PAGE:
Go Fuck Yourself, Southwest Airlines – In which, surely, our hero is Too Fat To Fly.” and

Thinicism – In which Natali tells her story.

Note: To be absolutely clear, since both Kevin and Natali can put their seats’ handles down, they are definitely NOT “too fat to fly”.

As I kept thinking how shitty Kevin and Natali had been treated, I knew I had to do something more. So, this past Friday (Feb 19) when I dropped my better half to the airport for her to have some fun in Vancouver, I took the opportunity to ask the nice WestJet check-in lady about their “person of size” policy. You see, I know WestJet modelled itself after Southwest Airlines, I was expecting the worst.

Well, to my surprise, the lady mentioned something called “one-person-one-fare” (more on this later) in response. My initial thought was: Cool, one person (regardless of size) pays one fare only, thats nice.

Upon further research, I found that in Canada, we have Canadian Transportation Agency helping consumers. From their website,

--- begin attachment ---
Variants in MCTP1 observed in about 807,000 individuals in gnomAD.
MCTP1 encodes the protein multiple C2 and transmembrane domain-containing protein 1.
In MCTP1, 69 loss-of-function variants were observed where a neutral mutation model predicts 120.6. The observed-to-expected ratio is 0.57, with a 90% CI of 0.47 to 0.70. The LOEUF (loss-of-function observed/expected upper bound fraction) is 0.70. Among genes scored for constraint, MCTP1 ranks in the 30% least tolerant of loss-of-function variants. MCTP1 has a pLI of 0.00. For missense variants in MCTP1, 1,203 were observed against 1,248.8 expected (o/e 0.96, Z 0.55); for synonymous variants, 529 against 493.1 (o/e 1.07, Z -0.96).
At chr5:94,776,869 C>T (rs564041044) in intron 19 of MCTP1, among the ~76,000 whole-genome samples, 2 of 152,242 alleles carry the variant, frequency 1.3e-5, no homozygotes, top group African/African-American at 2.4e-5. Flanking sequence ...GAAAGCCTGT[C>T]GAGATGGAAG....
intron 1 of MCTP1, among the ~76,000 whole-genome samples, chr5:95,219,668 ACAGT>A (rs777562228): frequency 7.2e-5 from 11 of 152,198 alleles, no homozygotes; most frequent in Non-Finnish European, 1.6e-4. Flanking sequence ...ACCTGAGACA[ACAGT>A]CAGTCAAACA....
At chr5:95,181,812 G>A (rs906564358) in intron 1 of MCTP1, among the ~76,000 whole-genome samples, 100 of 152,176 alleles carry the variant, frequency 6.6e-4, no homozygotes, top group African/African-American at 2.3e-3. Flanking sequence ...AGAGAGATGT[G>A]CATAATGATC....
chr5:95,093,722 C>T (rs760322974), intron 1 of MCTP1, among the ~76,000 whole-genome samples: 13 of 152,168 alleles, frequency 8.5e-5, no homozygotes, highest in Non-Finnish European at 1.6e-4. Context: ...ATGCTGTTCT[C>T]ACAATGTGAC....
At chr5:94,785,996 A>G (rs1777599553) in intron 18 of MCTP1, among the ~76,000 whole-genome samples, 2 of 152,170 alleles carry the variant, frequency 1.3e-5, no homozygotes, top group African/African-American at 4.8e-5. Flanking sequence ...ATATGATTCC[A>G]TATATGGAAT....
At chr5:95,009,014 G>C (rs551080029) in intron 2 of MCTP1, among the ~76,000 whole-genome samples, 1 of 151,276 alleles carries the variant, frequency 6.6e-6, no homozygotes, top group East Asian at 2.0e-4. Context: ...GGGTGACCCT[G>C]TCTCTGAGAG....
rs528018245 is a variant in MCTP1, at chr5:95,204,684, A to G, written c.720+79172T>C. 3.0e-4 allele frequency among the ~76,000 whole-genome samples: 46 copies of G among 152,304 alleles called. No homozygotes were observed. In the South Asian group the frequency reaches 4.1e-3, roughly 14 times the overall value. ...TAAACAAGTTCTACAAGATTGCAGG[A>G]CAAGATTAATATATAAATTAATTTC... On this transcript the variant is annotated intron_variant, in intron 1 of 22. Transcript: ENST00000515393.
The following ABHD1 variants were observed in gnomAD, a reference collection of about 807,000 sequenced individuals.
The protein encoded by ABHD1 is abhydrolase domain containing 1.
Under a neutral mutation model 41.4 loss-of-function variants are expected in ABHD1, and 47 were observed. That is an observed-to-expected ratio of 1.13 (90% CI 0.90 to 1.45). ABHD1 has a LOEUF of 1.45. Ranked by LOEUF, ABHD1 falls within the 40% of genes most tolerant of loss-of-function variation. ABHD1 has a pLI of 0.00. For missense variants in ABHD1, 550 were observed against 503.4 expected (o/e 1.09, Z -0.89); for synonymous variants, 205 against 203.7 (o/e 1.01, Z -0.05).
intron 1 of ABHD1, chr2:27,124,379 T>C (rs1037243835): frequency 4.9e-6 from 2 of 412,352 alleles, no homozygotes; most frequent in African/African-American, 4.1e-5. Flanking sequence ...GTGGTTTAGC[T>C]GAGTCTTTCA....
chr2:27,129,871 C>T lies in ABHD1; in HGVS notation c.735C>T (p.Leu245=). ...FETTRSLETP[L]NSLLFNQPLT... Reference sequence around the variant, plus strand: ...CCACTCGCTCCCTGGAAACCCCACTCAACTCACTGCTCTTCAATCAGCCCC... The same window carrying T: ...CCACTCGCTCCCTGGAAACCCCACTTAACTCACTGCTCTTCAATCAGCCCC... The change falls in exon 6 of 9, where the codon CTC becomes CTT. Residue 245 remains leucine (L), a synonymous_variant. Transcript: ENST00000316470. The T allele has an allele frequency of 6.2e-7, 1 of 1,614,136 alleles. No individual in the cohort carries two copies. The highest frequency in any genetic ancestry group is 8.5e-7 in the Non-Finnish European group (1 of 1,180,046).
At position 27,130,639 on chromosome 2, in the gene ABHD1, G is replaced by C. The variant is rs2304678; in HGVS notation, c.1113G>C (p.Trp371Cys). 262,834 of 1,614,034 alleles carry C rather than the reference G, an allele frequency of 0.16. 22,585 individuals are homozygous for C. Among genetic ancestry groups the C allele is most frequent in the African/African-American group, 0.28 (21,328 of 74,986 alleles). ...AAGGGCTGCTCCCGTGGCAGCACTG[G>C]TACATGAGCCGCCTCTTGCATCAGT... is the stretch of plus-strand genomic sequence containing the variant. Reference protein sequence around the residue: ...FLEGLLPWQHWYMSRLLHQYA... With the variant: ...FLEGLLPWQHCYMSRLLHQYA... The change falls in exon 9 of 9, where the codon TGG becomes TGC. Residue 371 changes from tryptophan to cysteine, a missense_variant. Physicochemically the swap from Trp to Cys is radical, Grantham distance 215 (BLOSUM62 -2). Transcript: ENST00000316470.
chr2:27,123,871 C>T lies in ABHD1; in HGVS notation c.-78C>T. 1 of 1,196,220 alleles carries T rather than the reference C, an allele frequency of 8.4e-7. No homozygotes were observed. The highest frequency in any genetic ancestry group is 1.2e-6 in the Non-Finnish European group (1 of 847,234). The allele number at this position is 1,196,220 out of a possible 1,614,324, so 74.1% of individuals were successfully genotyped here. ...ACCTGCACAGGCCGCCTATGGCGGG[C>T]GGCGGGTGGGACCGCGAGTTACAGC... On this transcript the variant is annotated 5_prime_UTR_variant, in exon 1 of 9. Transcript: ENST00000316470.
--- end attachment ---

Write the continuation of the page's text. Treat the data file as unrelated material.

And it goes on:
If you have a dispute related to federally-regulated modes of transportation, the Canadian Transportation Agency may be able to help. The Agency can bring you and the transportation operator together informally, help you to understand each other’s needs and interests, and find a solution that works for both.

If you think the above words are just some toothless idle BS, then you will be quite wrong. In fact, WestJetAir Canada, and Air Canada Jazz, weren’t nice “willingly”!

The “one-person-one-fare” policy was an order from Canadian Transportation Agency! And WestJetAir Canada, and Air Canada Jazz appealed the decision all the way to the Supreme Court of Canada and lost (both the Federal Court of Appeal and the Supreme Court of Canada dismissed the airlines’ application). Here is an excerpt,